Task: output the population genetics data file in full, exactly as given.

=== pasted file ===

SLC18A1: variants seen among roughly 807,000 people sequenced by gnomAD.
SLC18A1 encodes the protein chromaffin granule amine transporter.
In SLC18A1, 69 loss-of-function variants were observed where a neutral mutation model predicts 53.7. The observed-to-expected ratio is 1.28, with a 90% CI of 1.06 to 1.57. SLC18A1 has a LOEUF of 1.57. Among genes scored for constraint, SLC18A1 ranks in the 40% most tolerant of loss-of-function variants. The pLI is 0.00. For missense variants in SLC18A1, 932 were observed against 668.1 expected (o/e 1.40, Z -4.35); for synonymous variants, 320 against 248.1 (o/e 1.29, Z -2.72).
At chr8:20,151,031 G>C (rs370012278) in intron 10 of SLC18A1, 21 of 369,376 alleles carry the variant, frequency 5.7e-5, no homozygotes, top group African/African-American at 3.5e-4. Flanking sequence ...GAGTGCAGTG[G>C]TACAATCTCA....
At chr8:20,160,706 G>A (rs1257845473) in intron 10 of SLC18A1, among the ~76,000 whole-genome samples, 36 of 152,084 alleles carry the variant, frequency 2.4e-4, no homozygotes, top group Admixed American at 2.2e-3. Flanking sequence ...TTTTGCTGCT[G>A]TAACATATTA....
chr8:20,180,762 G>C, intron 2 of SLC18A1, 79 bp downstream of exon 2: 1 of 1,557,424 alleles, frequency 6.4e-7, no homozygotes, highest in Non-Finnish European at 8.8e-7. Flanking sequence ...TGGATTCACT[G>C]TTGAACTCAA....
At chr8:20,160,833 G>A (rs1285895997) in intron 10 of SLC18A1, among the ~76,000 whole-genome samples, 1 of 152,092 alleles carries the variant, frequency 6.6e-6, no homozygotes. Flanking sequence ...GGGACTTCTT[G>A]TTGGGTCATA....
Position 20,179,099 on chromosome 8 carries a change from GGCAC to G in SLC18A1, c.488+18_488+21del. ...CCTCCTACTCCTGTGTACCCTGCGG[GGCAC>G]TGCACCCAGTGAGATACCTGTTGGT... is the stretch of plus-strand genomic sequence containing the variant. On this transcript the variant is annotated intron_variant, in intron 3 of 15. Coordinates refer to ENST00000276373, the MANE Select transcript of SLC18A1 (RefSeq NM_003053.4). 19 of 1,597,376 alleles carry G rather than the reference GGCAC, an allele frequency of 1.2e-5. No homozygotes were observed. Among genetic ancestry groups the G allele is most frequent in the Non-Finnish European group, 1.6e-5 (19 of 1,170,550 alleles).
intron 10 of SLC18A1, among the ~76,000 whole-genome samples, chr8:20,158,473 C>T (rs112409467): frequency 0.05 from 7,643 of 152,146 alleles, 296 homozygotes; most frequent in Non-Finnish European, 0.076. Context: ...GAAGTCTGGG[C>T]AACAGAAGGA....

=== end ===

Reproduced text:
SLC18A1: variants seen among roughly 807,000 people sequenced by gnomAD.
SLC18A1 encodes the protein chromaffin granule amine transporter.
In SLC18A1, 69 loss-of-function variants were observed where a neutral mutation model predicts 53.7. The observed-to-expected ratio is 1.28, with a 90% CI of 1.06 to 1.57. SLC18A1 has a LOEUF of 1.57. Among genes scored for constraint, SLC18A1 ranks in the 40% most tolerant of loss-of-function variants. The pLI is 0.00. For missense variants in SLC18A1, 932 were observed against 668.1 expected (o/e 1.40, Z -4.35); for synonymous variants, 320 against 248.1 (o/e 1.29, Z -2.72).
At chr8:20,151,031 G>C (rs370012278) in intron 10 of SLC18A1, 21 of 369,376 alleles carry the variant, frequency 5.7e-5, no homozygotes, top group African/African-American at 3.5e-4. Flanking sequence ...GAGTGCAGTG[G>C]TACAATCTCA....
At chr8:20,160,706 G>A (rs1257845473) in intron 10 of SLC18A1, among the ~76,000 whole-genome samples, 36 of 152,084 alleles carry the variant, frequency 2.4e-4, no homozygotes, top group Admixed American at 2.2e-3. Flanking sequence ...TTTTGCTGCT[G>A]TAACATATTA....
chr8:20,180,762 G>C, intron 2 of SLC18A1, 79 bp downstream of exon 2: 1 of 1,557,424 alleles, frequency 6.4e-7, no homozygotes, highest in Non-Finnish European at 8.8e-7. Flanking sequence ...TGGATTCACT[G>C]TTGAACTCAA....
At chr8:20,160,833 G>A (rs1285895997) in intron 10 of SLC18A1, among the ~76,000 whole-genome samples, 1 of 152,092 alleles carries the variant, frequency 6.6e-6, no homozygotes. Flanking sequence ...GGGACTTCTT[G>A]TTGGGTCATA....
Position 20,179,099 on chromosome 8 carries a change from GGCAC to G in SLC18A1, c.488+18_488+21del. ...CCTCCTACTCCTGTGTACCCTGCGG[GGCAC>G]TGCACCCAGTGAGATACCTGTTGGT... is the stretch of plus-strand genomic sequence containing the variant. On this transcript the variant is annotated intron_variant, in intron 3 of 15. Coordinates refer to ENST00000276373, the MANE Select transcript of SLC18A1 (RefSeq NM_003053.4). 19 of 1,597,376 alleles carry G rather than the reference GGCAC, an allele frequency of 1.2e-5. No homozygotes were observed. Among genetic ancestry groups the G allele is most frequent in the Non-Finnish European group, 1.6e-5 (19 of 1,170,550 alleles).
intron 10 of SLC18A1, among the ~76,000 whole-genome samples, chr8:20,158,473 C>T (rs112409467): frequency 0.05 from 7,643 of 152,146 alleles, 296 homozygotes; most frequent in Non-Finnish European, 0.076. Context: ...GAAGTCTGGG[C>T]AACAGAAGGA....